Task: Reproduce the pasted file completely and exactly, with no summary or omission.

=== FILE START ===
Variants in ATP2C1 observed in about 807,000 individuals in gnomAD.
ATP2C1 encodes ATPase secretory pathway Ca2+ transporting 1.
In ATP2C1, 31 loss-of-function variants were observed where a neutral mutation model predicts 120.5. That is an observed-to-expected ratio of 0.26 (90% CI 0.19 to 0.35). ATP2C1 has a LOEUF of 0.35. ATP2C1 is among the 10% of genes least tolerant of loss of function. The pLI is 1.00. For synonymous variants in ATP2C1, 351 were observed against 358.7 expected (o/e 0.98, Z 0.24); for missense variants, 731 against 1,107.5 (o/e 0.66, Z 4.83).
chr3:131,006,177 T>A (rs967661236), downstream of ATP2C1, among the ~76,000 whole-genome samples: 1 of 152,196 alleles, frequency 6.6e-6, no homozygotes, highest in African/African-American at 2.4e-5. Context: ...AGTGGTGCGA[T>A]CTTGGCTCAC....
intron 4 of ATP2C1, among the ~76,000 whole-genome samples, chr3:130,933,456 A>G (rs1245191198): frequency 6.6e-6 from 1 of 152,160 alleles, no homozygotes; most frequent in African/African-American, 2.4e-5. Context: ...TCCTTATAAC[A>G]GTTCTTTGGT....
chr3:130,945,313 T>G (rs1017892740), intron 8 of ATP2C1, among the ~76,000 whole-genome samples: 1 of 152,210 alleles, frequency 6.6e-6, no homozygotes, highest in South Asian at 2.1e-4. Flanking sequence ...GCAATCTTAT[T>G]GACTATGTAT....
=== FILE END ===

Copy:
Variants in ATP2C1 observed in about 807,000 individuals in gnomAD.
ATP2C1 encodes ATPase secretory pathway Ca2+ transporting 1.
In ATP2C1, 31 loss-of-function variants were observed where a neutral mutation model predicts 120.5. That is an observed-to-expected ratio of 0.26 (90% CI 0.19 to 0.35). ATP2C1 has a LOEUF of 0.35. ATP2C1 is among the 10% of genes least tolerant of loss of function. The pLI is 1.00. For synonymous variants in ATP2C1, 351 were observed against 358.7 expected (o/e 0.98, Z 0.24); for missense variants, 731 against 1,107.5 (o/e 0.66, Z 4.83).
chr3:131,006,177 T>A (rs967661236), downstream of ATP2C1, among the ~76,000 whole-genome samples: 1 of 152,196 alleles, frequency 6.6e-6, no homozygotes, highest in African/African-American at 2.4e-5. Context: ...AGTGGTGCGA[T>A]CTTGGCTCAC....
intron 4 of ATP2C1, among the ~76,000 whole-genome samples, chr3:130,933,456 A>G (rs1245191198): frequency 6.6e-6 from 1 of 152,160 alleles, no homozygotes; most frequent in African/African-American, 2.4e-5. Context: ...TCCTTATAAC[A>G]GTTCTTTGGT....
chr3:130,945,313 T>G (rs1017892740), intron 8 of ATP2C1, among the ~76,000 whole-genome samples: 1 of 152,210 alleles, frequency 6.6e-6, no homozygotes, highest in South Asian at 2.1e-4. Flanking sequence ...GCAATCTTAT[T>G]GACTATGTAT....